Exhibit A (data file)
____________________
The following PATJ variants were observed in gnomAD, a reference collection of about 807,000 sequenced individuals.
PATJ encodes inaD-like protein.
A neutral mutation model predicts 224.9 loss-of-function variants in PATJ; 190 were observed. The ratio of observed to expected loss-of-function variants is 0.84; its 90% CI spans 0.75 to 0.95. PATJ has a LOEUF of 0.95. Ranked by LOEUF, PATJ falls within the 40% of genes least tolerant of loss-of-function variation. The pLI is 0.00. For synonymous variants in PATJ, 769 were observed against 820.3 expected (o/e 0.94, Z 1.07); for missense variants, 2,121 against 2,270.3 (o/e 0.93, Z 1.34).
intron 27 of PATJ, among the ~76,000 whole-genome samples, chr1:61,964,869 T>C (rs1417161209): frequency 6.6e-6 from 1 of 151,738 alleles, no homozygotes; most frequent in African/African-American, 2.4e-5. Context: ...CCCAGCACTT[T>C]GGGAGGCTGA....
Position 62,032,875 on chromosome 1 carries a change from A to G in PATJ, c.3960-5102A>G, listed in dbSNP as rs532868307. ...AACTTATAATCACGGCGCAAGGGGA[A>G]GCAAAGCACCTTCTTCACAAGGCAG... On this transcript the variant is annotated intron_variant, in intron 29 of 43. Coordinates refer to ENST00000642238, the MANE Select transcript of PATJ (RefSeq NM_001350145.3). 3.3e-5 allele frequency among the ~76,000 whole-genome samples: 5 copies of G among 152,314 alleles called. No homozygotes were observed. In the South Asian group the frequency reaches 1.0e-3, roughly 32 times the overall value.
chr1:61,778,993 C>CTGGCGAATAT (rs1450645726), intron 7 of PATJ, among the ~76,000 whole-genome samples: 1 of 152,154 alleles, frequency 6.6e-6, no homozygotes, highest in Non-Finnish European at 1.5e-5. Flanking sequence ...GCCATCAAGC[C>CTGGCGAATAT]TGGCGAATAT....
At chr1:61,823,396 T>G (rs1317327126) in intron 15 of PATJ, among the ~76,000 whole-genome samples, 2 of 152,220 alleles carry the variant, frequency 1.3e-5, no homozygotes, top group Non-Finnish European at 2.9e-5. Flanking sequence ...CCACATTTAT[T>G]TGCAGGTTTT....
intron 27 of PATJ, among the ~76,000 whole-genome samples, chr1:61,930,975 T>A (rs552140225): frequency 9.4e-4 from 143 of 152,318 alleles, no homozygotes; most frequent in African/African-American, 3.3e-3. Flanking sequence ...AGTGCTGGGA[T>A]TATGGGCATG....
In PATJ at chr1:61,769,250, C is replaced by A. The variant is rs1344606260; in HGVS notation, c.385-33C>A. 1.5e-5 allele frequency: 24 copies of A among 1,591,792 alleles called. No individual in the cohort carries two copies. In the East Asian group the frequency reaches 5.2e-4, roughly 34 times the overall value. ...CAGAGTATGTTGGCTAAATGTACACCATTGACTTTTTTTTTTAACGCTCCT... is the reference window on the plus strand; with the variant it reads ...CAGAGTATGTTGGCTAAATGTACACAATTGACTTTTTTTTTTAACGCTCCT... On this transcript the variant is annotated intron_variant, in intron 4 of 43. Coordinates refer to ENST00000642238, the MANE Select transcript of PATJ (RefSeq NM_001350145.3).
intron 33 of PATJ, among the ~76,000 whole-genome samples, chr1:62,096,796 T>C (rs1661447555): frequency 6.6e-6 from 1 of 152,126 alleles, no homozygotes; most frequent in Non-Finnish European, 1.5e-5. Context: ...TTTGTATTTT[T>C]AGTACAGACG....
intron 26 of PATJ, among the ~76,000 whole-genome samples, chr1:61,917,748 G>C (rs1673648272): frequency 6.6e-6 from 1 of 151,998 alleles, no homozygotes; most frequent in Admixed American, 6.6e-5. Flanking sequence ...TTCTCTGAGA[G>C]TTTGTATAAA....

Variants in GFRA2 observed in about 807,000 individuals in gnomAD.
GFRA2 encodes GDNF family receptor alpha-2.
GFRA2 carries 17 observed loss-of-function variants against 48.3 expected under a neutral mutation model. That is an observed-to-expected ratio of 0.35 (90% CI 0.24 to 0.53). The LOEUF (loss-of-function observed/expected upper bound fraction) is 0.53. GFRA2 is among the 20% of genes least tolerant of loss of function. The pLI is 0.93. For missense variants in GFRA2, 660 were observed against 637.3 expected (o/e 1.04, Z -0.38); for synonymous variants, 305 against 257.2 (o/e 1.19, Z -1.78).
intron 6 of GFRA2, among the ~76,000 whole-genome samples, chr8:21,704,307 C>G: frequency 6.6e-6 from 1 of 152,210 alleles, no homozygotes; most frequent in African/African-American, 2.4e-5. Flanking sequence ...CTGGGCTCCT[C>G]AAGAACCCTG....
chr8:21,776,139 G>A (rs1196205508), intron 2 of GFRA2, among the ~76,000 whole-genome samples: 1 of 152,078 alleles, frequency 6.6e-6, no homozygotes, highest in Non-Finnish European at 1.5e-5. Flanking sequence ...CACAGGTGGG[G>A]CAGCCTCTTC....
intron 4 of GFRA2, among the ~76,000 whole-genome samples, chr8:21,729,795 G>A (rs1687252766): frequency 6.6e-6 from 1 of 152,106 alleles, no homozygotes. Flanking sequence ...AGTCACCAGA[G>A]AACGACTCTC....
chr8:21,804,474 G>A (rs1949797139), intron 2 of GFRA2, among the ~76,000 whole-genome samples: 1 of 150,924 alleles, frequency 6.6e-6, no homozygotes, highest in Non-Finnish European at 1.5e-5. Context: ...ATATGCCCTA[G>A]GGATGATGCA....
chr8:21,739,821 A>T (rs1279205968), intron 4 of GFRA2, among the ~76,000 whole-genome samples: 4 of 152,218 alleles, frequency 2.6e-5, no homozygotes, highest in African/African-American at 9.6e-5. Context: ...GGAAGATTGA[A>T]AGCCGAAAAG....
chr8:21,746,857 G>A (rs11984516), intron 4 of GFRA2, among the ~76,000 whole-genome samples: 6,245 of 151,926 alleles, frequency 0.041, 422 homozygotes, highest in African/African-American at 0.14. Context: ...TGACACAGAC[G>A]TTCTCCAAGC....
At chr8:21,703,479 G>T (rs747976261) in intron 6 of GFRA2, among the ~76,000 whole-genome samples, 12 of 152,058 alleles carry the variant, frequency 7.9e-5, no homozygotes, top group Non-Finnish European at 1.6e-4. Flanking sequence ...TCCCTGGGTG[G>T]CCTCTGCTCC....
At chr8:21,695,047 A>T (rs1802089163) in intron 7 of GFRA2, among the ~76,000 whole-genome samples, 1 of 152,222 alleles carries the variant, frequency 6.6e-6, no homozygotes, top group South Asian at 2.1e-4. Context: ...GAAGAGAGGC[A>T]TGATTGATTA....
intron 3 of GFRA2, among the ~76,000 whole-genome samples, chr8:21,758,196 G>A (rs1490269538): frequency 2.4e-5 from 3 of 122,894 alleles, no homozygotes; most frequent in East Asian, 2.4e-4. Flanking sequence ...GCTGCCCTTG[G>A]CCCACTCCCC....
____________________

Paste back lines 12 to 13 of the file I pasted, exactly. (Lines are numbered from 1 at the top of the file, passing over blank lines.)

Variants in GFRA2 observed in about 807,000 individuals in gnomAD.
GFRA2 encodes GDNF family receptor alpha-2.